A science project featured at this year's Merced County Spring Fair attracted a lot of attention and a lot of electricity for its creator, Eddie Morris.
Morris, a 14-year-old Gustine Middle School student, built a 500,000 bolt Tesla Coil for his eighth-grade science project.
Fair organizers thought it was so "cool" that they let him display it inside the exhibit building.
"He's just so cool," Morris said in between demonstrations of his attraction to Tesla. "I like electricity."
The Tesla coil, named after its inventor Nikola Tesla, is a type of resonant transformer. Tesla used the coils to conduct experiments in electrical lighting, fluorescence and X-rays to name a few.
Morris said his goal was simple, to build a small structure that will light up a series of fluorescent tubes and, hopefully, impress a person or two.
His strategy worked.
Although Morris' project is on display only because the fair does not have a science category, it didn't stop curious fairgoers from crowding his small space once the sound of electricity crackling carried through the building.
Morris said he was giving demonstrations of his coil, a project on kinetics and a Jacob's ladder that he had also built every hour after school to people.
By his side was his father, Bruce, to help explain to people the mechanics of the coil while his son lit up a light bulb by just touching it.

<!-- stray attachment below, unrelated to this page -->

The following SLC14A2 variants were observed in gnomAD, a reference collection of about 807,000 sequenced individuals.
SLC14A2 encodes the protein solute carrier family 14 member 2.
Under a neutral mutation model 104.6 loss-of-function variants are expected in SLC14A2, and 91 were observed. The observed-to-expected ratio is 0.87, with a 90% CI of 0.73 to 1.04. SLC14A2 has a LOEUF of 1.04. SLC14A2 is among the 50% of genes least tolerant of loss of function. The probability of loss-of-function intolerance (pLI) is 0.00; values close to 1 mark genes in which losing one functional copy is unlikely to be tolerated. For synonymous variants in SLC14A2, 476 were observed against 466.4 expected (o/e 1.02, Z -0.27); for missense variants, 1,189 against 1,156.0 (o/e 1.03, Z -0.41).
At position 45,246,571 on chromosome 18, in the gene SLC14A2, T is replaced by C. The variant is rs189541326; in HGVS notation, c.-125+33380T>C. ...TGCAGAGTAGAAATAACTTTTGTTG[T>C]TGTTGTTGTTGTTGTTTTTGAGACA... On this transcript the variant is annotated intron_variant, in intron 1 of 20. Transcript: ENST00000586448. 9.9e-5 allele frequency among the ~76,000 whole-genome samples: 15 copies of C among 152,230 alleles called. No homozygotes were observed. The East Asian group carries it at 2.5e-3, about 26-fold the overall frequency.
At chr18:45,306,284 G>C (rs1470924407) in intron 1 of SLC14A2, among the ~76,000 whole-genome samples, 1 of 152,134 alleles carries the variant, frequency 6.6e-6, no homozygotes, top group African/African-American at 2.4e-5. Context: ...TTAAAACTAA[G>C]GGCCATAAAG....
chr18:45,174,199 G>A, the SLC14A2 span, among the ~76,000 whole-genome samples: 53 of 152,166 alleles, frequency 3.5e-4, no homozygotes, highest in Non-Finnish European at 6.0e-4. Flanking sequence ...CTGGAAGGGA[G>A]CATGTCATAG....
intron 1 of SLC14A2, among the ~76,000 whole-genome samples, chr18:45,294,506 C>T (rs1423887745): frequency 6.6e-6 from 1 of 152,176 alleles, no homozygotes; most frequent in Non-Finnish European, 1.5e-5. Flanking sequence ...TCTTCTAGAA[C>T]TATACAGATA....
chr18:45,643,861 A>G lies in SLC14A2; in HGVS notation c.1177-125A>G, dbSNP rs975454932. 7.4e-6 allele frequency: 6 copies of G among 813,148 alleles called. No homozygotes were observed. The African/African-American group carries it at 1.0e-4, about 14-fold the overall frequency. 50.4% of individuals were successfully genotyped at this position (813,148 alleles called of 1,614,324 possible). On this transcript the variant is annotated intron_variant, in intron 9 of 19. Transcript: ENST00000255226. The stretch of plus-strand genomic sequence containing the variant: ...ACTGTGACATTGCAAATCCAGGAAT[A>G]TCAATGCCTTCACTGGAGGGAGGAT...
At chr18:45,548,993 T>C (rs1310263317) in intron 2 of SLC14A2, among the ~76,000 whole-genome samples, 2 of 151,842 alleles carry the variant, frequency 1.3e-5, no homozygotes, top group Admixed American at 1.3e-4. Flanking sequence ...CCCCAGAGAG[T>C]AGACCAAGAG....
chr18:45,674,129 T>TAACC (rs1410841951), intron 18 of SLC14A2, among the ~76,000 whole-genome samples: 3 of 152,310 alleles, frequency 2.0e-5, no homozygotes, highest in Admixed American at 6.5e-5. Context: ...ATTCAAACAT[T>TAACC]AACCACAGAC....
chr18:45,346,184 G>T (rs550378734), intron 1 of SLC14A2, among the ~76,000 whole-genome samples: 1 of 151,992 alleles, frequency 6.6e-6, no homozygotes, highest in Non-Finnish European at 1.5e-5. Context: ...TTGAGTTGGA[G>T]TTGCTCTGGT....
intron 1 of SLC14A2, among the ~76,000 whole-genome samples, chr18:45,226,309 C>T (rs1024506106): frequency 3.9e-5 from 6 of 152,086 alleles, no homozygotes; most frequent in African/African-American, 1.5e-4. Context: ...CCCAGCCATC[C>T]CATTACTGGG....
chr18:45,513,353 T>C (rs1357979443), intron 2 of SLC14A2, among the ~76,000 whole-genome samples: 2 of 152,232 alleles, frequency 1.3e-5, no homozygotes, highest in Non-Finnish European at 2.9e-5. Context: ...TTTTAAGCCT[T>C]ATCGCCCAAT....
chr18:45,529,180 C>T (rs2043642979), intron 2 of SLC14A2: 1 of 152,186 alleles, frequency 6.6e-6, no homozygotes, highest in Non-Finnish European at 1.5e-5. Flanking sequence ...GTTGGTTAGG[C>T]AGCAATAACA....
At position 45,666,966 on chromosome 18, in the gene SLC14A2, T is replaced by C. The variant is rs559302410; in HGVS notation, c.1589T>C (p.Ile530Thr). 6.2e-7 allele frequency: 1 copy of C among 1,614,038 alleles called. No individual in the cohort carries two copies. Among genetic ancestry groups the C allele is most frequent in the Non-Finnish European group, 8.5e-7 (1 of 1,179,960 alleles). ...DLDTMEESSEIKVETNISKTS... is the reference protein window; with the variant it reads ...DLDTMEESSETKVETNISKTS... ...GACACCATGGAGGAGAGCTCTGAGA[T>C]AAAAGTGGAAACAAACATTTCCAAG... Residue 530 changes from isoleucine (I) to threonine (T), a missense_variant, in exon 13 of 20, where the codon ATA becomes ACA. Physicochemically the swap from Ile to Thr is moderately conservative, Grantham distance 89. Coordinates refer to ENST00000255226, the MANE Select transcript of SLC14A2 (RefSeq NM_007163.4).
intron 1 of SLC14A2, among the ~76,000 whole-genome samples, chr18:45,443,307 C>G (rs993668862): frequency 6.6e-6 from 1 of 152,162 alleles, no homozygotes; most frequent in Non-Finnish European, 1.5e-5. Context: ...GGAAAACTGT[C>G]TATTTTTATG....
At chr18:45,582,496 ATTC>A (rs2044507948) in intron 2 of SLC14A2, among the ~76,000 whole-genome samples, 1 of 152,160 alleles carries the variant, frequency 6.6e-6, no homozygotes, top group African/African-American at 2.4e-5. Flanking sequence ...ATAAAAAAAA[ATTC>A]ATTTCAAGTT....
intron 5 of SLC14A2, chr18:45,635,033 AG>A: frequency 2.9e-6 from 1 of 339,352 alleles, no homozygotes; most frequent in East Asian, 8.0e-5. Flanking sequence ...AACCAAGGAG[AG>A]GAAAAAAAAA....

"It was Tesla's dream to light a town," Bruce Morris said. "Eddie wanted to build a 14-foot coil, but I said no, it would be too hard to bring it down here and I don't think the fair board would like it."
Bruce was actually the one who encouraged and helped his son build the coil. He had built a similar one when he was Eddie's age. It took statewide honors. Bruce guided his son through the construction project.
"It was actually harder to search the Internet for all the parts we would need than building it," Bruce said.
Now nearing high school age, Eddie has been building things since he was in diapers, his father said. And as the boy has aged, his projects have become more ambitious, bigger and expensive.
His plan for next year's fair is to build a laser that can cut through soda cans. Bruce said if they can come up with the $2,000 worth of parts they will be able to give 2009 fairgoers a treat.
"He's always been like this," Bruce said. "He's not afraid of anything."
Enterprise reporter Minerva Perez can be reached by phone at (209)388-6565 or by e-mail at firstname.lastname@example.org